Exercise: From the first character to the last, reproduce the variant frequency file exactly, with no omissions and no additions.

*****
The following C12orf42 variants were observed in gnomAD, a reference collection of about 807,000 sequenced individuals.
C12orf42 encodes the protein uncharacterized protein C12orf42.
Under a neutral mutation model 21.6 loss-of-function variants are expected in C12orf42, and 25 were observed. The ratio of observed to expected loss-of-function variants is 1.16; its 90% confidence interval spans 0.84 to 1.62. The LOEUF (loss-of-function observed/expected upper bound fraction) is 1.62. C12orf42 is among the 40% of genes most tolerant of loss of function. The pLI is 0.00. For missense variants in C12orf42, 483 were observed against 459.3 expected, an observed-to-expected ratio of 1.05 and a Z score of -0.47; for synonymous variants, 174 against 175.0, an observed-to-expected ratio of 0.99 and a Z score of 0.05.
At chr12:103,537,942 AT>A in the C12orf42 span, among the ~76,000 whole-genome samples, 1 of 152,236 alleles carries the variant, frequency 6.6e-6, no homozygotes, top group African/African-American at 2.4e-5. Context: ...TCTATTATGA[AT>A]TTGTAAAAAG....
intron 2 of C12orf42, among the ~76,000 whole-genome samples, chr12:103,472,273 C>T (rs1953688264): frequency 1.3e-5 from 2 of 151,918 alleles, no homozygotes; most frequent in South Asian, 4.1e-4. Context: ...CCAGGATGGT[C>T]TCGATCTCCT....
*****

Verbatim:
The following C12orf42 variants were observed in gnomAD, a reference collection of about 807,000 sequenced individuals.
C12orf42 encodes the protein uncharacterized protein C12orf42.
Under a neutral mutation model 21.6 loss-of-function variants are expected in C12orf42, and 25 were observed. The ratio of observed to expected loss-of-function variants is 1.16; its 90% confidence interval spans 0.84 to 1.62. The LOEUF (loss-of-function observed/expected upper bound fraction) is 1.62. C12orf42 is among the 40% of genes most tolerant of loss of function. The pLI is 0.00. For missense variants in C12orf42, 483 were observed against 459.3 expected, an observed-to-expected ratio of 1.05 and a Z score of -0.47; for synonymous variants, 174 against 175.0, an observed-to-expected ratio of 0.99 and a Z score of 0.05.
At chr12:103,537,942 AT>A in the C12orf42 span, among the ~76,000 whole-genome samples, 1 of 152,236 alleles carries the variant, frequency 6.6e-6, no homozygotes, top group African/African-American at 2.4e-5. Context: ...TCTATTATGA[AT>A]TTGTAAAAAG....
intron 2 of C12orf42, among the ~76,000 whole-genome samples, chr12:103,472,273 C>T (rs1953688264): frequency 1.3e-5 from 2 of 151,918 alleles, no homozygotes; most frequent in South Asian, 4.1e-4. Context: ...CCAGGATGGT[C>T]TCGATCTCCT....